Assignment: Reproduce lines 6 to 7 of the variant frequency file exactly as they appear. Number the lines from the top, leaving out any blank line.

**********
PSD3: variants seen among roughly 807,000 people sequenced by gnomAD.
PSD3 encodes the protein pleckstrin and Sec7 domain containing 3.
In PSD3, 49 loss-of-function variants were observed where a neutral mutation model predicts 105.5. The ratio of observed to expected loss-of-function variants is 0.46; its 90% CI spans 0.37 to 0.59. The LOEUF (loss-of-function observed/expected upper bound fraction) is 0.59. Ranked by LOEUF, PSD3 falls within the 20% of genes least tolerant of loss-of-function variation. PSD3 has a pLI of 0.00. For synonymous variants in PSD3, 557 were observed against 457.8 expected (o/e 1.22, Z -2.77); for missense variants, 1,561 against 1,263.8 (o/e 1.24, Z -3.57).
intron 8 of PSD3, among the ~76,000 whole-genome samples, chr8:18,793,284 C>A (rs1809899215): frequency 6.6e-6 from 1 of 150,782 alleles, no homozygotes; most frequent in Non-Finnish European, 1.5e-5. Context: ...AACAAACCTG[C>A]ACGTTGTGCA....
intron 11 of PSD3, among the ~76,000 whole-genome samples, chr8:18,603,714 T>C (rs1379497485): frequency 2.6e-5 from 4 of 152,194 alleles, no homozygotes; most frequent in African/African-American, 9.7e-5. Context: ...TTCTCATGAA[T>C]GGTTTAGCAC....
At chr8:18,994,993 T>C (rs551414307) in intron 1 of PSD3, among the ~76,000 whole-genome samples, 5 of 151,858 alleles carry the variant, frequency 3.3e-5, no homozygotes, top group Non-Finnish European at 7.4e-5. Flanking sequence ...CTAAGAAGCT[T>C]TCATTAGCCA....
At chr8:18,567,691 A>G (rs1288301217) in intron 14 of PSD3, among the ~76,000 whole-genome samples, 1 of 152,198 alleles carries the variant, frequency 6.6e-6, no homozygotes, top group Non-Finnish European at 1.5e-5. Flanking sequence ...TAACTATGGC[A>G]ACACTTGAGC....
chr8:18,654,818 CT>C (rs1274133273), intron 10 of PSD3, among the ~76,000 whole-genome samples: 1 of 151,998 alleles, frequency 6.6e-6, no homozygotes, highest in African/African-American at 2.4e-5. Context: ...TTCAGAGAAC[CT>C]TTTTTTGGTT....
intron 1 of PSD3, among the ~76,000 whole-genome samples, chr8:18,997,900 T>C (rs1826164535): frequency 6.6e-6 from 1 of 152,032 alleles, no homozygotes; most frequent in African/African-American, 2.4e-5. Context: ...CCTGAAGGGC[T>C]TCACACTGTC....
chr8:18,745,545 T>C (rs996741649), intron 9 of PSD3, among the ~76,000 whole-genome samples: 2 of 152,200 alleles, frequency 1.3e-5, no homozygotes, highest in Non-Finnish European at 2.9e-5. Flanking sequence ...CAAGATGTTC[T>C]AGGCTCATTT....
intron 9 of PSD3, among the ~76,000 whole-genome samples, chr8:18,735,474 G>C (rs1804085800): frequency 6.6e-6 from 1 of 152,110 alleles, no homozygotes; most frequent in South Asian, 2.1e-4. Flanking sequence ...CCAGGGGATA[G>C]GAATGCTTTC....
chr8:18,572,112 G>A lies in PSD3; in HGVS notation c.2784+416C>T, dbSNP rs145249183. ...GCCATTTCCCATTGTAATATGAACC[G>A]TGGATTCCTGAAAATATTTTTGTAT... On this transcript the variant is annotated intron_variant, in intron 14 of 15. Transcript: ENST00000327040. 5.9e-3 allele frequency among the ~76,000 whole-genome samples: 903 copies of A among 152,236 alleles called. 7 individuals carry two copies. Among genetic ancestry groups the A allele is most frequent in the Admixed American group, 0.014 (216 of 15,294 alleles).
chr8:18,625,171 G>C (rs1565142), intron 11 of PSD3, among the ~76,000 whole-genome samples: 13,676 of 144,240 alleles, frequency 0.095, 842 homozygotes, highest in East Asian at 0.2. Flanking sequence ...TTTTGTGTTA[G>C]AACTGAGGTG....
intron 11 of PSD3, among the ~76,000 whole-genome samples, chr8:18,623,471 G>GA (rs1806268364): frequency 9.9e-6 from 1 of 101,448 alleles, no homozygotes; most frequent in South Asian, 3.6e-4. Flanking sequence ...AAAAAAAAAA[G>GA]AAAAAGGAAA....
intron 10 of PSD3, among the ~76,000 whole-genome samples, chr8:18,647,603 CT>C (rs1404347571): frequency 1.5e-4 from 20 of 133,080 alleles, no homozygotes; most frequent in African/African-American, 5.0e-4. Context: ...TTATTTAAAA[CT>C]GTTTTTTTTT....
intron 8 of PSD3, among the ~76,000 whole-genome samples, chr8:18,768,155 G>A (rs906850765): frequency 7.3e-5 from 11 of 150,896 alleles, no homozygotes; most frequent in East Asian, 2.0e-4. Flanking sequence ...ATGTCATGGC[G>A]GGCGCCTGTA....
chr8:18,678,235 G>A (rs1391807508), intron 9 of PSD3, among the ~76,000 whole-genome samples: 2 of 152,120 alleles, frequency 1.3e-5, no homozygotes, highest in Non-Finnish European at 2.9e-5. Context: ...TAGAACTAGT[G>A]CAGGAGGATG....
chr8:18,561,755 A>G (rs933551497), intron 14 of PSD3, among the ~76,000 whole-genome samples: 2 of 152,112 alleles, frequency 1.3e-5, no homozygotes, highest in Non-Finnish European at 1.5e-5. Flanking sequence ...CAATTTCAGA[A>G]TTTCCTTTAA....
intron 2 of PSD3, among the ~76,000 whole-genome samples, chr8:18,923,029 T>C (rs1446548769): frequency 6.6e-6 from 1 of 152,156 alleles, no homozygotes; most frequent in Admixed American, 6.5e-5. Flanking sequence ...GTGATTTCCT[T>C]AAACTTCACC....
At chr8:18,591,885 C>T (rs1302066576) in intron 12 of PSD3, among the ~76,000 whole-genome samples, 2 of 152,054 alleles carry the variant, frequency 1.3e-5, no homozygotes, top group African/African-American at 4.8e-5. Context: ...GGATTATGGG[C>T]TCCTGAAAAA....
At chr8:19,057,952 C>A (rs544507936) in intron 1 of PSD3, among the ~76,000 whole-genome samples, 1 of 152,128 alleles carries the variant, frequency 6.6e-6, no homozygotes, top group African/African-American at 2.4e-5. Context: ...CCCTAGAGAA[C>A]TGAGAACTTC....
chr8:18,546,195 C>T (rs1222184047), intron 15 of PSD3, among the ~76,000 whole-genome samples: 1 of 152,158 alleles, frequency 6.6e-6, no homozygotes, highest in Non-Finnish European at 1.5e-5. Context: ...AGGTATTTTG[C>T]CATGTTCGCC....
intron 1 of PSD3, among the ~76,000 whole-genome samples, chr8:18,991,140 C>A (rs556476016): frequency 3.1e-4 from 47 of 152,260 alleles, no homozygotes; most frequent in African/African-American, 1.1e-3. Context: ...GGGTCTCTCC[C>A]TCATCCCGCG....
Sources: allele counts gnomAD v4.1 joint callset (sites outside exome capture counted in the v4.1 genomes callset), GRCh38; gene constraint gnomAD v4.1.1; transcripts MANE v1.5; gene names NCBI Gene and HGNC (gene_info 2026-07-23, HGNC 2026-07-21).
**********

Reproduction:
At chr8:18,994,993 T>C (rs551414307) in intron 1 of PSD3, among the ~76,000 whole-genome samples, 5 of 151,858 alleles carry the variant, frequency 3.3e-5, no homozygotes, top group Non-Finnish European at 7.4e-5. Flanking sequence ...CTAAGAAGCT[T>C]TCATTAGCCA....
At chr8:18,567,691 A>G (rs1288301217) in intron 14 of PSD3, among the ~76,000 whole-genome samples, 1 of 152,198 alleles carries the variant, frequency 6.6e-6, no homozygotes, top group Non-Finnish European at 1.5e-5. Flanking sequence ...TAACTATGGC[A>G]ACACTTGAGC....